Early Proposal. The Biopsychology of Memory. Early Research (1920) Neurosurgeon Wilder Penfield. Early Research 4/29/2013

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1 Early Proposal The Biopsychology of Memory Module 13.1 Different methodologies have been used to try to figure out what regions of the brain are involved in memory functions. Pavlov learning (such as classical conditioning) strengthens the connections between the involved brain areas If this is the case, disrupting these connections should impair the learned response Early Research (1920) Karl Lashley s Cuts in Rat Cortex Karl Lashley attempted to locate memory engrams in rats cortex by studying the effects of cortical cuts or lesions on memory of various tasks. Early Research But it did not seem to matter where the cuts or lesions were. Lashleycould not find any single critical memory area. Concluded that, at least in the rat: Law of equipotentiality all areas of cortex seemed to be equally important to the performance of the learned response Law of mass action degree of impairment was correlated with amount of cortex removed, not the region of the cortex removed Neurosurgeon Wilder Penfield Found that electrical stimulation of temporal cortex (preceding brain surgery) often triggered memory-like experiences (e.g. I hear my mother calling me ) Concluded that episodic memories are localized there So it memory localized or not? 1

2 Successful Location of An Engram? Richard Thompson (1986) found a nucleus in the cerebellum (LIP lateral interpositus) essential for the conditioned eyeblinkresponse of rabbits Neurons active in this area during this learning Inactivating these neurons disrupts conditioning These neurons also appear to be active in humans during eyeblink conditioning Hebb stheory of memory consolidation (1949) Hebbdistinguished between Short Term Memory &Long Term Memory and proposed: STM mediated by temporary patterns of brain activity in reverberating circuits This temporary activity is susceptible to disruption LTM depends on lasting structural changes Increased structural connectivity results from repeated activation of the same synapses, causing the consolidation of LTMs Post-Traumatic Amnesia Some trauma disrupts the functioning of the brain. May be temporary or may be lasting effects if trauma are severe. Retrograde amnesiafor events just beforethe trauma (more severe trauma increases the amount of RA) CONSOLIDATION (requires protein synthesis) Retrograde Amnesia by ECS or Other Traumas Recent memories most susceptible to disruption Rats given ECS 10 secsto 10 minsafter learning showed decreased memory for task. ECS 1-3 hrsafter learning had no effect. More recent memories may continue to be somewhat more susceptible than older memories: Humans receiving ECT show decreased recall of TV shows from last 1-3 years, no impairment of memory of shows from 4-17 years ago. A head injury causes loss of normal consciousness IF no permanent brain damage 2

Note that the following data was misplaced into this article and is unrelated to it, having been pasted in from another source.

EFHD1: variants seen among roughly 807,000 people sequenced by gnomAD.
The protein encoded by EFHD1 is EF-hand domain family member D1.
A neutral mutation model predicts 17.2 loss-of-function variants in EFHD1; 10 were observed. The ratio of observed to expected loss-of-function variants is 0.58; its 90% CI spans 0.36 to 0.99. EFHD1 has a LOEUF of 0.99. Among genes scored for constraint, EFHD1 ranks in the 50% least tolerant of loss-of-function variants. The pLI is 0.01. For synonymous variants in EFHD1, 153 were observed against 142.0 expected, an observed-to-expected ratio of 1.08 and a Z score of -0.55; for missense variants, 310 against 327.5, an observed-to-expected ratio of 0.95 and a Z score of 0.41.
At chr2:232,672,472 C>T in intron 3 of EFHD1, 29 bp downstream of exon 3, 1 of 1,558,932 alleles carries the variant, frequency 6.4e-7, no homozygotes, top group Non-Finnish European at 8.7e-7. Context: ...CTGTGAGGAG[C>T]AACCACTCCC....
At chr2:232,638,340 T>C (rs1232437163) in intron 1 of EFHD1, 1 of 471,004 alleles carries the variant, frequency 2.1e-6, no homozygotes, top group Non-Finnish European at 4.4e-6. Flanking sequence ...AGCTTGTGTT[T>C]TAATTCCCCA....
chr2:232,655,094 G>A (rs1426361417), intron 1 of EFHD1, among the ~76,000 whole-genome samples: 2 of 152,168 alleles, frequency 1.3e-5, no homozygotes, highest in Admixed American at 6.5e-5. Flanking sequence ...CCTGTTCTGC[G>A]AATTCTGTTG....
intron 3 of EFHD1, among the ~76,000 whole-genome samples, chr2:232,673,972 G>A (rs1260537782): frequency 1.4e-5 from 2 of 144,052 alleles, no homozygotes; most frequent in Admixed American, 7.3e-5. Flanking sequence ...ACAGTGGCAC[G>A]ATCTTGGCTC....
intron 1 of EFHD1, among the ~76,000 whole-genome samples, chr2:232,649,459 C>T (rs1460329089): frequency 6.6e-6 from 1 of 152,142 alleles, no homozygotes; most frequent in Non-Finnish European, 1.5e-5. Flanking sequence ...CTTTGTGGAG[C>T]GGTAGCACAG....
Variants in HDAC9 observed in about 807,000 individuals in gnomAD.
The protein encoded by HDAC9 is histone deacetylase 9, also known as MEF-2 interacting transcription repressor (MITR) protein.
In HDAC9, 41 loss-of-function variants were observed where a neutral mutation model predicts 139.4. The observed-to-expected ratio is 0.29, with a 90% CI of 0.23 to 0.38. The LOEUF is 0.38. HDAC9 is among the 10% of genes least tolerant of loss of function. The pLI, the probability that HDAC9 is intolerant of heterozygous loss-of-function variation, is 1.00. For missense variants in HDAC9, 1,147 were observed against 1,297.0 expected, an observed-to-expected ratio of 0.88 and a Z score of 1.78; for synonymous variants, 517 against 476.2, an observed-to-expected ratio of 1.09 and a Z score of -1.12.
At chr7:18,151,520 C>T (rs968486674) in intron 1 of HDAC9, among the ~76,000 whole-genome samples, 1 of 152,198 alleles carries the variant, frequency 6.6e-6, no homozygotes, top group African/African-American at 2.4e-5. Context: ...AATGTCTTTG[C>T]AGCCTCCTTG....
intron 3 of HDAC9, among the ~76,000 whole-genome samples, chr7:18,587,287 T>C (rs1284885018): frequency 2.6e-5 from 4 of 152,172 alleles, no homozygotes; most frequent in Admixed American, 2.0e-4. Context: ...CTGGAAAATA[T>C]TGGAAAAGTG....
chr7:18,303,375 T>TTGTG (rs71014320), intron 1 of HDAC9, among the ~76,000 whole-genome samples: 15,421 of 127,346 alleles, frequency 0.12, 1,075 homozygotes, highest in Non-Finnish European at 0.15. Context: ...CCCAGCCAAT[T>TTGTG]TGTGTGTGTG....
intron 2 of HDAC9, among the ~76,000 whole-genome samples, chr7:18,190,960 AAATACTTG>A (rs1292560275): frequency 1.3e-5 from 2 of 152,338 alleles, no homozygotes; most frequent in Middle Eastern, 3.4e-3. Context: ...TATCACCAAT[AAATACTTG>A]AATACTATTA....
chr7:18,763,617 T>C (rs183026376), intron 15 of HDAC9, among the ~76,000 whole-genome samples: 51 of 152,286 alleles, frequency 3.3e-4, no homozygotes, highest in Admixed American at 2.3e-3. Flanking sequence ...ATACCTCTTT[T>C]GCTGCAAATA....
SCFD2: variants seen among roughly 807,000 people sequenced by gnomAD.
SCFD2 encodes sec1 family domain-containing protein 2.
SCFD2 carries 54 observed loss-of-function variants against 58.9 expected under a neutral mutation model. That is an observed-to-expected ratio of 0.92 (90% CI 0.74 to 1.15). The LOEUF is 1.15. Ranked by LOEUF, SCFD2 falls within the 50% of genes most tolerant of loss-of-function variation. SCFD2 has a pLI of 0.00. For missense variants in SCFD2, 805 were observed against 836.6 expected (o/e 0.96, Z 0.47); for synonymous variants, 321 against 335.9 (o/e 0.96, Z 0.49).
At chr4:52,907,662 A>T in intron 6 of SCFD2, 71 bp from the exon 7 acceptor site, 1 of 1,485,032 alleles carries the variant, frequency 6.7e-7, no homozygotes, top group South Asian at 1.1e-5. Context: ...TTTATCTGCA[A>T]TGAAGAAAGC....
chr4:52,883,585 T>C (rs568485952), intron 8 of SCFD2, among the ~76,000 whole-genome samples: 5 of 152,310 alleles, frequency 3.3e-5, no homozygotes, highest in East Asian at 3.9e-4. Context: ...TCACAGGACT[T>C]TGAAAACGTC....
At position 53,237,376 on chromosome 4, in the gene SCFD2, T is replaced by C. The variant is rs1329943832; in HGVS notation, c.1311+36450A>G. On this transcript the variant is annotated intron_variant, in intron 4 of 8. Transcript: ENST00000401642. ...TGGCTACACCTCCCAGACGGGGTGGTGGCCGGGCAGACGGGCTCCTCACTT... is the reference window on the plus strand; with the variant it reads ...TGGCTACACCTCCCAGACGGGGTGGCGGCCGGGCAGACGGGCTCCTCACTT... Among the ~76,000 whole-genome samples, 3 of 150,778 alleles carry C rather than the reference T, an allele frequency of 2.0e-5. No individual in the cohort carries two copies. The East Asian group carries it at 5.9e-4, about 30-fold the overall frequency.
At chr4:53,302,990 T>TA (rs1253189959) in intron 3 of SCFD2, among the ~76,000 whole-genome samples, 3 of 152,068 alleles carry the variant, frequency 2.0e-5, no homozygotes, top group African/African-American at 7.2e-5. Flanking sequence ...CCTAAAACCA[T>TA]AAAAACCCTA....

3 Retrograde Amnesia Like when a power outage causes you to lose the file you were working on because it hadn t yet been saved. Brain loses what it was working on. Disruption of normal brain Trauma or activity occurs New View of STM Now think that STM may be the current memory files we have open or are still working on things that we are keeping in mind. Now call it working memory. Depends on prefrontal cortex. Many working memories will never be added to LTM because they concern temporary information. This kind of memory has not yet developed in infants & gradually develops into early adulthood. Different Aspects of Long Term Memory Terms to refer to types of LTM: Declarative memory memories we can state in words: information ( semantic memories) life experiences ( episodic memories) Procedural memories motor skill memories Another Type of Post-Traumatic Amnesia Anterograde amnesia -impaired storing of memories of events afterthe trauma (more severe damage increases anterograde amnesia) Explicit memory conscious intentional recollections Implicit memories more unconscious memories evidenced by improved/altered performance, without conscious recollection of what caused that Retrograde vs. Anterograde Loss The Sad Case of H. M. Trauma or HM suffered a closed head injury when 9 Developed post-traumatic focal epilepsy uncontrolled by medication EEG revealed seizures were originating in both medial temporal lobes Unilateral surgeries had successfully reduced seizures in previous patients HM had bilateral medial temporal lobectomy 3